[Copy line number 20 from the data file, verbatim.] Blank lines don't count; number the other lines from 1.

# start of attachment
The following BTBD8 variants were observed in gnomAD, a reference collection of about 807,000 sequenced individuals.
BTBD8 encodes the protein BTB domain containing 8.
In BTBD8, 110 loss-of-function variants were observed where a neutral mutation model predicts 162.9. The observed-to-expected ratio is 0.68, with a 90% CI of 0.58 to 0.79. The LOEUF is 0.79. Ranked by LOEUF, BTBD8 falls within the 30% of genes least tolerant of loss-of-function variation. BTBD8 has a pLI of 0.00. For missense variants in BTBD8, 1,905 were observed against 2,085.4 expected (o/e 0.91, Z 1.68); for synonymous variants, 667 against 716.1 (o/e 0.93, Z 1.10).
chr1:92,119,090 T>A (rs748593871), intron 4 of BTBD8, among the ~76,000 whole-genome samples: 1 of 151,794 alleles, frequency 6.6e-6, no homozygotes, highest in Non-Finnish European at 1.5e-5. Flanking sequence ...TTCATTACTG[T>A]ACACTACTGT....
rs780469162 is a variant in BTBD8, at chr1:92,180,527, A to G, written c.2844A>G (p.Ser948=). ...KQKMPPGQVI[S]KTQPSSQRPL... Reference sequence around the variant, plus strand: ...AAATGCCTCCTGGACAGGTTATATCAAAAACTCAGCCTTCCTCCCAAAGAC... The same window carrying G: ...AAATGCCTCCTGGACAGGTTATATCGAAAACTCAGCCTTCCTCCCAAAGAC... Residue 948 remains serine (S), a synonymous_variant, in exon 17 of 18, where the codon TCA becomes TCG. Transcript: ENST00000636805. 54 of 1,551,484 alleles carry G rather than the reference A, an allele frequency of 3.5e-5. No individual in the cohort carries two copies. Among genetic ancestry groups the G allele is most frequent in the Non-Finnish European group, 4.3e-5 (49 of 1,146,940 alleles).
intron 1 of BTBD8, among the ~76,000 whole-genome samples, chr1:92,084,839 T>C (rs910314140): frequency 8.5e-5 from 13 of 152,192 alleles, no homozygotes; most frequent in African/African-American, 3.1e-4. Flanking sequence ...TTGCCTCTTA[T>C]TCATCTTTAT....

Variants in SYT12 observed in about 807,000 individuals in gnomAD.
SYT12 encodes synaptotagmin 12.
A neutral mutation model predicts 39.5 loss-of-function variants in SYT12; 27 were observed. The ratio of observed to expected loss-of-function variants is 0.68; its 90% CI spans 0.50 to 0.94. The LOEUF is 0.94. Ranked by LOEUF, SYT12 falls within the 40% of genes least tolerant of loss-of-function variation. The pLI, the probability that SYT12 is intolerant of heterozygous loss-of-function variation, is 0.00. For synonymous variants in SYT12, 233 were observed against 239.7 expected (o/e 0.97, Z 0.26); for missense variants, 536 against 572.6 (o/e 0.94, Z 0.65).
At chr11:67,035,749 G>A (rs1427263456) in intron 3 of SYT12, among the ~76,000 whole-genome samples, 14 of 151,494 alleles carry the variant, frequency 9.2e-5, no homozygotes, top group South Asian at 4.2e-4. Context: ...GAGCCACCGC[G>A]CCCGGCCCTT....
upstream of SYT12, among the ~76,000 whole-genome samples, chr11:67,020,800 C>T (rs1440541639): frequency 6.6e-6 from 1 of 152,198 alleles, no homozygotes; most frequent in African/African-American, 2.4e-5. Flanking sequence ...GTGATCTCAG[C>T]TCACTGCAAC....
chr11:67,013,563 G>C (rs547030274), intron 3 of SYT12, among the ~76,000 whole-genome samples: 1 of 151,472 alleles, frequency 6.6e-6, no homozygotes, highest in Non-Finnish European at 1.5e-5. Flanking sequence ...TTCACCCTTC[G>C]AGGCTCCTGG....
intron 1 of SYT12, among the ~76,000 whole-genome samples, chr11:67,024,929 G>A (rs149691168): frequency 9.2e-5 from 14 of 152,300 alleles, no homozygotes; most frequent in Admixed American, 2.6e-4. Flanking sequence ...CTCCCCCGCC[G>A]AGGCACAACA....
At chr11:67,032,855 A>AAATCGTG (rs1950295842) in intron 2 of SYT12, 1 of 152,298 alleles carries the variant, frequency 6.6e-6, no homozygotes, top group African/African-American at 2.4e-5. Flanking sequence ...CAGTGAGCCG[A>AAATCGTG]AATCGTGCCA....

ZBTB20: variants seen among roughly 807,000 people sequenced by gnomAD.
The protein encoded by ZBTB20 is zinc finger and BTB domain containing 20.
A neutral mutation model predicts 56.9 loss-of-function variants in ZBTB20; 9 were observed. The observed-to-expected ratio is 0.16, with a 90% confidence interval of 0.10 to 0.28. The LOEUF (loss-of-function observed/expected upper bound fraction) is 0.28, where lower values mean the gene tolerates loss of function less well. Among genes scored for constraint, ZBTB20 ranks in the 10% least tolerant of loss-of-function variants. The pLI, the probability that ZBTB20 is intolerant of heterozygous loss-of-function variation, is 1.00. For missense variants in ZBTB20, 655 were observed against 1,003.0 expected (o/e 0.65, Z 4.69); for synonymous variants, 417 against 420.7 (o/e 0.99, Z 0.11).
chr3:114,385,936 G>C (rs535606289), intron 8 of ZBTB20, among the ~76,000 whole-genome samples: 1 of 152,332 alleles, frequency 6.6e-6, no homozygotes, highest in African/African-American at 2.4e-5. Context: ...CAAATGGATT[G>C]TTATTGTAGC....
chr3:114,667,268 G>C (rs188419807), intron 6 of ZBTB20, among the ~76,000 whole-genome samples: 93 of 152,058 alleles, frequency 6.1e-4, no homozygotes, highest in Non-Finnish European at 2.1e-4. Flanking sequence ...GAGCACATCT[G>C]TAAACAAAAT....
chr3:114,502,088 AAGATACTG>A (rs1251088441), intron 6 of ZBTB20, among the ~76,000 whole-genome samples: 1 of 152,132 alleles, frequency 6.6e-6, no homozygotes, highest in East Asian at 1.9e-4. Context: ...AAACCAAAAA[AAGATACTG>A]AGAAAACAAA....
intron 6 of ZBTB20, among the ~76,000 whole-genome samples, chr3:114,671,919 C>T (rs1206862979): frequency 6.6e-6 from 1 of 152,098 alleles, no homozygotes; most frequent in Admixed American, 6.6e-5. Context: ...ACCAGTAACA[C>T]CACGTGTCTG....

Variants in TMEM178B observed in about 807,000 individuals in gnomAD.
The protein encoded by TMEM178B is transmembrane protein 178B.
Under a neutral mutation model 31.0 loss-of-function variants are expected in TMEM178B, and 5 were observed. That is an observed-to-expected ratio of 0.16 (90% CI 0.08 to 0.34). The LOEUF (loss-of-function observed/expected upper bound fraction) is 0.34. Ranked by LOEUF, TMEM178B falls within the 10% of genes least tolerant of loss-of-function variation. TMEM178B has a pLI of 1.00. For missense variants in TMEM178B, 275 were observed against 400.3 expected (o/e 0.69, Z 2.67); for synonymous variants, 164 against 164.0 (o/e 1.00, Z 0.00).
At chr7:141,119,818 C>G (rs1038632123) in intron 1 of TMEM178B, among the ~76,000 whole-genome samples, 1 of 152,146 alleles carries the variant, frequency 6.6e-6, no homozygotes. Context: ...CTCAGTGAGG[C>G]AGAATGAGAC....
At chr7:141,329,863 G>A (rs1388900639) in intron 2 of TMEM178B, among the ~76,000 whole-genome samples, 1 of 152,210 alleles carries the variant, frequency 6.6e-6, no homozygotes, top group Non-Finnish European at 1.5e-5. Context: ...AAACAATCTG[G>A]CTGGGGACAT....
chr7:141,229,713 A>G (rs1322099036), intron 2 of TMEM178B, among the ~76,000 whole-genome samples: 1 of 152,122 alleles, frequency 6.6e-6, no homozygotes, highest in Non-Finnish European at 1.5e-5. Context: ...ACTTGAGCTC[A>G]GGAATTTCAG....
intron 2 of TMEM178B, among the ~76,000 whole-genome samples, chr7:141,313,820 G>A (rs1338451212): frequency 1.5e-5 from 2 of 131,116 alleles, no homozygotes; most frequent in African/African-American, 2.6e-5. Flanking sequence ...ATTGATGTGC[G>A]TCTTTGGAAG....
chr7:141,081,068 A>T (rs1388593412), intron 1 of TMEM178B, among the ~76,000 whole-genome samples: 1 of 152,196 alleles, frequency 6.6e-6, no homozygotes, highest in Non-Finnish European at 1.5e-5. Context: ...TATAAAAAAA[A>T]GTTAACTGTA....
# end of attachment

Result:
chr3:114,502,088 AAGATACTG>A (rs1251088441), intron 6 of ZBTB20, among the ~76,000 whole-genome samples: 1 of 152,132 alleles, frequency 6.6e-6, no homozygotes, highest in East Asian at 1.9e-4. Context: ...AAACCAAAAA[AAGATACTG>A]AGAAAACAAA....